At each appointment, Lilly shared more details of her day-to-day life. She made her way to work early each morning, exiting the tenement apartment she shared with an elderly aunt on Mulberry Street, located a short, shaded block from my office. She scheduled the earliest appointment available and then darted between the shadows, crossing narrow cobblestone streets that paved those deep caverns created by cast-iron towers.
To commute to FIT, she jumped on the N train at the Prince Street subway stop, half a block away. To travel to her job at the jewelry store—which offered course credit toward her jewelry-making certificate—she sped down Prince Street in the opposite direction.
Sometimes, she said, she headed for a hidden alley near Houston Street, where she studied at a library that was sheltered from public view but gave her a great angle from which to watch discreetly staged fashion shoots at the far end of the alley.
Lilly did not resent her limited itinerary, for she found the New York City crowds too overwhelming, and she appreciated the predictability of a set schedule. And Lilly’s life was indeed predictable until something changed in late winter.
For Presidents’ Day weekend, a classmate invited her on a ski trip at an upstate resort—and that was when things started to shift. Embarrassed to admit that she could not afford a lift ticket, much less skis, Lilly sat on the sidelines for hours, near the snow-covered and sun-drenched trails. Upon return, she complained that her hands hurt, and that her fingers turned blue.
Lilly was describing Raynaud syndrome, which could worsen with vasoconstricting stimulants. Still, it seemed odd that such an adverse effect (AE) started so suddenly, after so many years on the same medication. Besides, she lived further north, where winters were far worse, yet she never previously had such symptoms in the cold. Then the clues started to fall into place. She also began experiencing fatigue once she sat outside on the slopes, which was equally strange, considering that stimulants are energizing and are sometimes used (illicitly) to combat fatigue.
I was unwilling to write these symptoms off to AEs, but I was also unwilling to continue a stimulant that could conceivably worsen Raynaud, especially since the medication offered minimal benefit for Lilly’s major dyslexia symptoms. So, we tapered her off the ADHD medication, but the pain in her fingers persisted—even though she was on SSRIs, which can relieve Raynaud.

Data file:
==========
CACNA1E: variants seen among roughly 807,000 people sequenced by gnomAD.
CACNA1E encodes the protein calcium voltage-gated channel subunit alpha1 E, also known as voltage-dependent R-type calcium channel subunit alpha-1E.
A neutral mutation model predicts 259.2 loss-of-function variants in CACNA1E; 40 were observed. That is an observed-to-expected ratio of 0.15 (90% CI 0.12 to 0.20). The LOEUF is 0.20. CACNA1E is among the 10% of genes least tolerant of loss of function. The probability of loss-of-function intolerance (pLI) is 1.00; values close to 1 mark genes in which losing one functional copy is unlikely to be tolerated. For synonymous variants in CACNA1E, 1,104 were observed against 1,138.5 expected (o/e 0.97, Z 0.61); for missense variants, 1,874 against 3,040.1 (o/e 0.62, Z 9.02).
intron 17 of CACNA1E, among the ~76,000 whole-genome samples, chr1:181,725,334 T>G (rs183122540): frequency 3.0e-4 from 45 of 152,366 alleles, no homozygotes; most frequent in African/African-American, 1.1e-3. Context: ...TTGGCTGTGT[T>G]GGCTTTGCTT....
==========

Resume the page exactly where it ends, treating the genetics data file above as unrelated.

It was time to see the primary care physician (PCP) to find other explanations for concomitant fatigue, Raynaud, and joint pain in a 20-year-old woman. I ordered basic labs and added an antinuclear antibody (ANA) test. Her PCP referred her to a rheumatologist when the ANA read a telling 1:360.
Lilly was still waiting for a specialist appointment when college graduation came around. By then, she had a solid job offer from the jewelry boutique that had hired her as an intern. Her family was ecstatic. To celebrate this unanticipated success, they scheduled a surprise family vacation, with plans to drive their battered old pick-up truck south and stay with relatives in Key West, Florida.
Sadly, the trip was not the celebration that had been intended, but it did start to explain her symptoms. While walking outside in the intense Florida sun, Lilly developed a raised, red rash on her nose, which sounded like the butterfly rash of lupus. Her joints hurt so much that she sidestepped the subspecialist and accepted the soonest appointment available, with a nurse practitioner (NP).
Without reviewing her history—or noting that symptoms worsened with strong sunlight (or from reflected sunlight on snowy ski slopes)—the NP prescribed tramadol for pain and sent her on her way. Her family objected and drove her back to SoHo to see me. I was sorry to see Lilly in such distress, but I was happy to hear that she deferred starting a potentially habituating medication before exploring safer approaches or identifying the source of her symptoms.
Luckily, Lilly’s rural health center had ties with the regional medical school. They landed her an immediate immunology appointment at the State University of New York at Albany, not far from her family’s home. The good news was that she would be near her family, and she could continue to design for her new job remotely (but without accessing expensive metals that were available onsite only).
Her father was thrilled to restart selling her creations from his truck, and she was relieved to return to a pace that was far simpler and slower than SoHo’s. She could rest up with relatives while awaiting more targeted treatment—and simultaneously brace for possibly bad diagnostic news.
This story did not have the happy ending that we hoped for, but the ending could have been worse. I shudder to think of what might have happened, or how this syndrome could have progressed, had someone summarily dismissed her symptoms as AEs of psychotropic medication, without additional assessment. Fortunately, psychiatrists are physicians first.
Dr Packer is an assistant clinical professor of psychiatry and behavioral sciences at Icahn School of Medicine at Mount Sinai in New York, NY.